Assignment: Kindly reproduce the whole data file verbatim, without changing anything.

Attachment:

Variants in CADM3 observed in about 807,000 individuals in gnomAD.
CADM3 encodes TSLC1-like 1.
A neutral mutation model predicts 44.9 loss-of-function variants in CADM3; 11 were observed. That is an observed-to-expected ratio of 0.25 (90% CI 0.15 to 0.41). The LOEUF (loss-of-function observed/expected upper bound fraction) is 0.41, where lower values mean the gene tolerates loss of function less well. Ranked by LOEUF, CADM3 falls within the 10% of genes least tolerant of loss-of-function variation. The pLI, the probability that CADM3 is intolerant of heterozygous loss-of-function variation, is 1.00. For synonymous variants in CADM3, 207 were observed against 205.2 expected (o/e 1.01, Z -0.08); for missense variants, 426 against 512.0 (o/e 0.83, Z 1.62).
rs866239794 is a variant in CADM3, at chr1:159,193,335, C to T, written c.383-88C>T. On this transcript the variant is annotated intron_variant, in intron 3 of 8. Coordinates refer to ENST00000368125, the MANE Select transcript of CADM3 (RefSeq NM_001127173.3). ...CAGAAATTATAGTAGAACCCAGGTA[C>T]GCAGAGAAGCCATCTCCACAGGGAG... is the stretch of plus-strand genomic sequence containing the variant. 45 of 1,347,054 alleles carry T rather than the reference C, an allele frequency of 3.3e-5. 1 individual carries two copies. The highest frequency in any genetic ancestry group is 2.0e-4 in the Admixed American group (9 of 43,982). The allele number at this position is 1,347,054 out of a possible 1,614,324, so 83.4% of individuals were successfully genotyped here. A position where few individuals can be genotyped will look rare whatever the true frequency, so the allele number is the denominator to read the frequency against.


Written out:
Variants in CADM3 observed in about 807,000 individuals in gnomAD.
CADM3 encodes TSLC1-like 1.
A neutral mutation model predicts 44.9 loss-of-function variants in CADM3; 11 were observed. That is an observed-to-expected ratio of 0.25 (90% CI 0.15 to 0.41). The LOEUF (loss-of-function observed/expected upper bound fraction) is 0.41, where lower values mean the gene tolerates loss of function less well. Ranked by LOEUF, CADM3 falls within the 10% of genes least tolerant of loss-of-function variation. The pLI, the probability that CADM3 is intolerant of heterozygous loss-of-function variation, is 1.00. For synonymous variants in CADM3, 207 were observed against 205.2 expected (o/e 1.01, Z -0.08); for missense variants, 426 against 512.0 (o/e 0.83, Z 1.62).
rs866239794 is a variant in CADM3, at chr1:159,193,335, C to T, written c.383-88C>T. On this transcript the variant is annotated intron_variant, in intron 3 of 8. Coordinates refer to ENST00000368125, the MANE Select transcript of CADM3 (RefSeq NM_001127173.3). ...CAGAAATTATAGTAGAACCCAGGTA[C>T]GCAGAGAAGCCATCTCCACAGGGAG... is the stretch of plus-strand genomic sequence containing the variant. 45 of 1,347,054 alleles carry T rather than the reference C, an allele frequency of 3.3e-5. 1 individual carries two copies. The highest frequency in any genetic ancestry group is 2.0e-4 in the Admixed American group (9 of 43,982). The allele number at this position is 1,347,054 out of a possible 1,614,324, so 83.4% of individuals were successfully genotyped here. A position where few individuals can be genotyped will look rare whatever the true frequency, so the allele number is the denominator to read the frequency against.